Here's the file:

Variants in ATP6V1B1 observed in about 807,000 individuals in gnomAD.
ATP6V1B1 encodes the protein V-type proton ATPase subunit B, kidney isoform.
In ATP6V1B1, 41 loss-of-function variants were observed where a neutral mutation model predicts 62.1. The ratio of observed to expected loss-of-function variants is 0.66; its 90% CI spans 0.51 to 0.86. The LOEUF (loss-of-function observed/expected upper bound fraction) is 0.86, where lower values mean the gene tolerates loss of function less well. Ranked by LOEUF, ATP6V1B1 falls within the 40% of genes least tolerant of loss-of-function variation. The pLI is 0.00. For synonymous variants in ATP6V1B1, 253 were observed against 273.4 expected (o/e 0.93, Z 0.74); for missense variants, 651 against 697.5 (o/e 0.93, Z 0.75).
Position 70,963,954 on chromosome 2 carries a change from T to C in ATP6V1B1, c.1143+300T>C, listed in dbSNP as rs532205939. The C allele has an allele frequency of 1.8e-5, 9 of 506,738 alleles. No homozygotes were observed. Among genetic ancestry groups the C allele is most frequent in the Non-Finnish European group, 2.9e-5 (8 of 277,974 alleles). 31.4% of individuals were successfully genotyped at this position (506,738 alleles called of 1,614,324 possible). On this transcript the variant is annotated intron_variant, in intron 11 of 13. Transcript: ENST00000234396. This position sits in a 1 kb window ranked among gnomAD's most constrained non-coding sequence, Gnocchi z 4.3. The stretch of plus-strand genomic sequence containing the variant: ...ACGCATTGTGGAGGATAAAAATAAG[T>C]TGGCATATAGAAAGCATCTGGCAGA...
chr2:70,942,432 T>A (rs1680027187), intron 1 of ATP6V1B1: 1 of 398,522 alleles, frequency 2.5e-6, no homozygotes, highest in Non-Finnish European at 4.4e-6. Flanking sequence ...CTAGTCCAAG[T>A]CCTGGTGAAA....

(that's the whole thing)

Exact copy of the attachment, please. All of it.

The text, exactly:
Variants in ATP6V1B1 observed in about 807,000 individuals in gnomAD.
ATP6V1B1 encodes the protein V-type proton ATPase subunit B, kidney isoform.
In ATP6V1B1, 41 loss-of-function variants were observed where a neutral mutation model predicts 62.1. The ratio of observed to expected loss-of-function variants is 0.66; its 90% CI spans 0.51 to 0.86. The LOEUF (loss-of-function observed/expected upper bound fraction) is 0.86, where lower values mean the gene tolerates loss of function less well. Ranked by LOEUF, ATP6V1B1 falls within the 40% of genes least tolerant of loss-of-function variation. The pLI is 0.00. For synonymous variants in ATP6V1B1, 253 were observed against 273.4 expected (o/e 0.93, Z 0.74); for missense variants, 651 against 697.5 (o/e 0.93, Z 0.75).
Position 70,963,954 on chromosome 2 carries a change from T to C in ATP6V1B1, c.1143+300T>C, listed in dbSNP as rs532205939. The C allele has an allele frequency of 1.8e-5, 9 of 506,738 alleles. No homozygotes were observed. Among genetic ancestry groups the C allele is most frequent in the Non-Finnish European group, 2.9e-5 (8 of 277,974 alleles). 31.4% of individuals were successfully genotyped at this position (506,738 alleles called of 1,614,324 possible). On this transcript the variant is annotated intron_variant, in intron 11 of 13. Transcript: ENST00000234396. This position sits in a 1 kb window ranked among gnomAD's most constrained non-coding sequence, Gnocchi z 4.3. The stretch of plus-strand genomic sequence containing the variant: ...ACGCATTGTGGAGGATAAAAATAAG[T>C]TGGCATATAGAAAGCATCTGGCAGA...
chr2:70,942,432 T>A (rs1680027187), intron 1 of ATP6V1B1: 1 of 398,522 alleles, frequency 2.5e-6, no homozygotes, highest in Non-Finnish European at 4.4e-6. Flanking sequence ...CTAGTCCAAG[T>A]CCTGGTGAAA....